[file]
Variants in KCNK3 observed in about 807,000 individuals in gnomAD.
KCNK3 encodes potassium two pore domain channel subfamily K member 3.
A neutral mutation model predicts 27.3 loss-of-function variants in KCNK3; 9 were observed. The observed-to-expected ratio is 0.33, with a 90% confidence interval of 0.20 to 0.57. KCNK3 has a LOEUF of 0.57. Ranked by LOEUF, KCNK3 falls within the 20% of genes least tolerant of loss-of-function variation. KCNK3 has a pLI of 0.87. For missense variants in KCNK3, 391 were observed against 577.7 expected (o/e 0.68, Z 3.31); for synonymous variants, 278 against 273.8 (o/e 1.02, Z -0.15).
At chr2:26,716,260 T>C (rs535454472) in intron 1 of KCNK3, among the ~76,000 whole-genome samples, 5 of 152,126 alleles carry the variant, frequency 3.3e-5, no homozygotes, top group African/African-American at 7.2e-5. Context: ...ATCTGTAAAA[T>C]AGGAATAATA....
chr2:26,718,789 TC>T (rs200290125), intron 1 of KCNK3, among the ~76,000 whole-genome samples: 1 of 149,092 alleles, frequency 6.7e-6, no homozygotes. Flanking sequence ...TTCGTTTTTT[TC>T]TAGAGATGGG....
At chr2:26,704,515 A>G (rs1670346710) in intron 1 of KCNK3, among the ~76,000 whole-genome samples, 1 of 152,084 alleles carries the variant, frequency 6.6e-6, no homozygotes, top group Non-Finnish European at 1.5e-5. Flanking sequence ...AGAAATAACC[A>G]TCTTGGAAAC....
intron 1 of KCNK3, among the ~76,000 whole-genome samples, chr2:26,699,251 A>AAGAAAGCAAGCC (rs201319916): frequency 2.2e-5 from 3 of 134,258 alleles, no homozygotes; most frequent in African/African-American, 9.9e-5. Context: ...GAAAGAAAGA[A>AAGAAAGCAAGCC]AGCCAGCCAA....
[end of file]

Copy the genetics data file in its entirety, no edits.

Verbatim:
Variants in KCNK3 observed in about 807,000 individuals in gnomAD.
KCNK3 encodes potassium two pore domain channel subfamily K member 3.
A neutral mutation model predicts 27.3 loss-of-function variants in KCNK3; 9 were observed. The observed-to-expected ratio is 0.33, with a 90% confidence interval of 0.20 to 0.57. KCNK3 has a LOEUF of 0.57. Ranked by LOEUF, KCNK3 falls within the 20% of genes least tolerant of loss-of-function variation. KCNK3 has a pLI of 0.87. For missense variants in KCNK3, 391 were observed against 577.7 expected (o/e 0.68, Z 3.31); for synonymous variants, 278 against 273.8 (o/e 1.02, Z -0.15).
At chr2:26,716,260 T>C (rs535454472) in intron 1 of KCNK3, among the ~76,000 whole-genome samples, 5 of 152,126 alleles carry the variant, frequency 3.3e-5, no homozygotes, top group African/African-American at 7.2e-5. Context: ...ATCTGTAAAA[T>C]AGGAATAATA....
chr2:26,718,789 TC>T (rs200290125), intron 1 of KCNK3, among the ~76,000 whole-genome samples: 1 of 149,092 alleles, frequency 6.7e-6, no homozygotes. Flanking sequence ...TTCGTTTTTT[TC>T]TAGAGATGGG....
At chr2:26,704,515 A>G (rs1670346710) in intron 1 of KCNK3, among the ~76,000 whole-genome samples, 1 of 152,084 alleles carries the variant, frequency 6.6e-6, no homozygotes, top group Non-Finnish European at 1.5e-5. Flanking sequence ...AGAAATAACC[A>G]TCTTGGAAAC....
intron 1 of KCNK3, among the ~76,000 whole-genome samples, chr2:26,699,251 A>AAGAAAGCAAGCC (rs201319916): frequency 2.2e-5 from 3 of 134,258 alleles, no homozygotes; most frequent in African/African-American, 9.9e-5. Context: ...GAAAGAAAGA[A>AAGAAAGCAAGCC]AGCCAGCCAA....